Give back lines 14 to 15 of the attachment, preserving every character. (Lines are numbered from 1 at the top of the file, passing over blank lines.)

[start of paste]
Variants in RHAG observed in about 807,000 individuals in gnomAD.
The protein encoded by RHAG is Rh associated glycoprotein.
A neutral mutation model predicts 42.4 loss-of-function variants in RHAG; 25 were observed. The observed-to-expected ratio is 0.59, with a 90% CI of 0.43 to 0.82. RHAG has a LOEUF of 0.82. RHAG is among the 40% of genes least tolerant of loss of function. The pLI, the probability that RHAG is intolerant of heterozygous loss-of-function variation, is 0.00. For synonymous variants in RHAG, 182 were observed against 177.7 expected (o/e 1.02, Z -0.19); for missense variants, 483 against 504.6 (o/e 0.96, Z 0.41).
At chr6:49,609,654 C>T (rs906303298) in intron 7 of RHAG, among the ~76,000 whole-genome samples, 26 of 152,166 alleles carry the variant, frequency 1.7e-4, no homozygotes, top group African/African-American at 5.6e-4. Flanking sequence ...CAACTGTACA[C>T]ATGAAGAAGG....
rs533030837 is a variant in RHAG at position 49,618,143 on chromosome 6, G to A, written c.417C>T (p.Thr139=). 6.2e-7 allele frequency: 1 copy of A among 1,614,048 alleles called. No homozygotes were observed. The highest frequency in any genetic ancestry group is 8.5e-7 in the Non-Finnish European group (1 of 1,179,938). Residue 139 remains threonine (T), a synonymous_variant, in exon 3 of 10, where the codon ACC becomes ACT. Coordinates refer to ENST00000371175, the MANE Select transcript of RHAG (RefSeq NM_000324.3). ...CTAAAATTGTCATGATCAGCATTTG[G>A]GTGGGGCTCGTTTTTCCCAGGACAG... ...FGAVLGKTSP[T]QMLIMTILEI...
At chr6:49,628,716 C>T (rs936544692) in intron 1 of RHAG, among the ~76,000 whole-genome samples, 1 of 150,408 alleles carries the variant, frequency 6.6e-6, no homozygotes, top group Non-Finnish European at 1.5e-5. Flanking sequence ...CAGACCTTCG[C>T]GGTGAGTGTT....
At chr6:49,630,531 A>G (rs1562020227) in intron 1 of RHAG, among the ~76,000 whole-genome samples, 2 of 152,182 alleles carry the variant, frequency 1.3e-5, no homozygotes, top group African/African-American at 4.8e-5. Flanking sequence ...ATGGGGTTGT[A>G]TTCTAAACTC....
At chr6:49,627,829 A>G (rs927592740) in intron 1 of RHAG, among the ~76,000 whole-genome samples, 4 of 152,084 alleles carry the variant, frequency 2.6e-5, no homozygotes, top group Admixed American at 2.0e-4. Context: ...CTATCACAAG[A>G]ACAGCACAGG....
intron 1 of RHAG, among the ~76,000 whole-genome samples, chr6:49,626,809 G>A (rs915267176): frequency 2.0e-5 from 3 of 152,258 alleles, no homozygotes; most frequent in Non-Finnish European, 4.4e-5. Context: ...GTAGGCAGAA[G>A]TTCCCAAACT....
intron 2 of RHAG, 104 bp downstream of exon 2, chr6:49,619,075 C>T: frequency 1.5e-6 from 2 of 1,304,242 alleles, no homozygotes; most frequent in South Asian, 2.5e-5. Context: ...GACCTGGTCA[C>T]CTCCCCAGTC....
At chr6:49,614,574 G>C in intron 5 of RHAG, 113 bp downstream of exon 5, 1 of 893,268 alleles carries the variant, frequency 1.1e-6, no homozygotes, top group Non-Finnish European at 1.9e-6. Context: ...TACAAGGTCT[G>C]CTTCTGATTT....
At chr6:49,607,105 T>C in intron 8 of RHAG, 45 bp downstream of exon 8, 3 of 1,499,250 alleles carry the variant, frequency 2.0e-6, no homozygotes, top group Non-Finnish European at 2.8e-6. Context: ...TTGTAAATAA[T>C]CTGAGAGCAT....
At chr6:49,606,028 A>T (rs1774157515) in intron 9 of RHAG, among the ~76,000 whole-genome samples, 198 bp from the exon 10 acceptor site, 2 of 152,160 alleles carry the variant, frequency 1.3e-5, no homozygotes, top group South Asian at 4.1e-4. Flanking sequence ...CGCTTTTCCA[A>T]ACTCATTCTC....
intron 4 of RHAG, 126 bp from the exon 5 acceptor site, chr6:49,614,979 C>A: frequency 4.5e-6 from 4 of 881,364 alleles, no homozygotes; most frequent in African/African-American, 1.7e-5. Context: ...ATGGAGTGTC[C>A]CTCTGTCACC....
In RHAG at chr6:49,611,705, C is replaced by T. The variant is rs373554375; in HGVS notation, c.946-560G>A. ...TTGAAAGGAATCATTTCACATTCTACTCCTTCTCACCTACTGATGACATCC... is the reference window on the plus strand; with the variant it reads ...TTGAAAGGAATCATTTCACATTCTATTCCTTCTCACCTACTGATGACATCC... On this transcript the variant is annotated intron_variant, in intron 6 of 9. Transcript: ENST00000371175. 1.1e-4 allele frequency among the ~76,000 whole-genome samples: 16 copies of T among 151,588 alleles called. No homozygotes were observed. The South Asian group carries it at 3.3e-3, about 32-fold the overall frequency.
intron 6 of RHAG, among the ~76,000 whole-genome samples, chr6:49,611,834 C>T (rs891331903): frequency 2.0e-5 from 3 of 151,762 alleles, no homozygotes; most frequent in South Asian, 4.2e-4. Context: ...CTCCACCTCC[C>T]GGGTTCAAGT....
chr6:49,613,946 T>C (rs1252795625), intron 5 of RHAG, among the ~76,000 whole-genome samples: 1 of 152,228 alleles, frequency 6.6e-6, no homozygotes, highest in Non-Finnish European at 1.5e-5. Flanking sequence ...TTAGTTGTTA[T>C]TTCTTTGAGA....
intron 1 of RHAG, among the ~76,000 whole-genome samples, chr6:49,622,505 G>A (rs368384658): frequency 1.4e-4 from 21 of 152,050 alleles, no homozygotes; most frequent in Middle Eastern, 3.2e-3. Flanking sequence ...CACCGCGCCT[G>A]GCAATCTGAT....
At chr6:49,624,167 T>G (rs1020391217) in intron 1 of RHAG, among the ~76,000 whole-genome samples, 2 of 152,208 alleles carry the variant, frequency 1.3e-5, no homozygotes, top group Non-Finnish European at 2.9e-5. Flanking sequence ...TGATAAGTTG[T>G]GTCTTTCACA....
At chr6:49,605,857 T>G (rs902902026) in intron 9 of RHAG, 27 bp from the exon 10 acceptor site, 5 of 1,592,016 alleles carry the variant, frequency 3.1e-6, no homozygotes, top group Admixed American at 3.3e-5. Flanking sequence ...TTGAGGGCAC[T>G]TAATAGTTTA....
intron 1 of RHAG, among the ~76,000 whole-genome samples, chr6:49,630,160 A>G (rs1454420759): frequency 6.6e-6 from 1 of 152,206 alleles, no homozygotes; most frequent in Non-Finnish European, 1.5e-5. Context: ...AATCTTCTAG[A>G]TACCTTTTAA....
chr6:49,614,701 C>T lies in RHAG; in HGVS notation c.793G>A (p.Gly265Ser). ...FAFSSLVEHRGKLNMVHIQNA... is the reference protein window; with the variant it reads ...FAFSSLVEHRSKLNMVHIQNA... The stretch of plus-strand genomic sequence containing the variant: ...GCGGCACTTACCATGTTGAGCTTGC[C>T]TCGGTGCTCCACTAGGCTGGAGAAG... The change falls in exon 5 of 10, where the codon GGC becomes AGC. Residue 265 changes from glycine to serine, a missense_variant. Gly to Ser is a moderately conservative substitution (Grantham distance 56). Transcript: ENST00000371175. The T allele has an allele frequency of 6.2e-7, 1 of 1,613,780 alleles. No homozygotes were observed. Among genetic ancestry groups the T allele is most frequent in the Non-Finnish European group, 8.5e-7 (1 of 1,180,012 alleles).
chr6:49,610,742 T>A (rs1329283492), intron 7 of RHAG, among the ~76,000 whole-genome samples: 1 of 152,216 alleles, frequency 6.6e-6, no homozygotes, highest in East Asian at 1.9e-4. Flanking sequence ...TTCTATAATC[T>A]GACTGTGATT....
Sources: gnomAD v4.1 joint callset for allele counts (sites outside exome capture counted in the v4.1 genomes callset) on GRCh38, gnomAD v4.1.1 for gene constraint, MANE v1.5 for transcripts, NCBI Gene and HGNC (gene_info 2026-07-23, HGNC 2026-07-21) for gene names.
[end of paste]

intron 4 of RHAG, 126 bp from the exon 5 acceptor site, chr6:49,614,979 C>A: frequency 4.5e-6 from 4 of 881,364 alleles, no homozygotes; most frequent in African/African-American, 1.7e-5. Context: ...ATGGAGTGTC[C>A]CTCTGTCACC....
In RHAG at chr6:49,611,705, C is replaced by T. The variant is rs373554375; in HGVS notation, c.946-560G>A. ...TTGAAAGGAATCATTTCACATTCTACTCCTTCTCACCTACTGATGACATCC... is the reference window on the plus strand; with the variant it reads ...TTGAAAGGAATCATTTCACATTCTATTCCTTCTCACCTACTGATGACATCC... On this transcript the variant is annotated intron_variant, in intron 6 of 9. Transcript: ENST00000371175. 1.1e-4 allele frequency among the ~76,000 whole-genome samples: 16 copies of T among 151,588 alleles called. No homozygotes were observed. The South Asian group carries it at 3.3e-3, about 32-fold the overall frequency.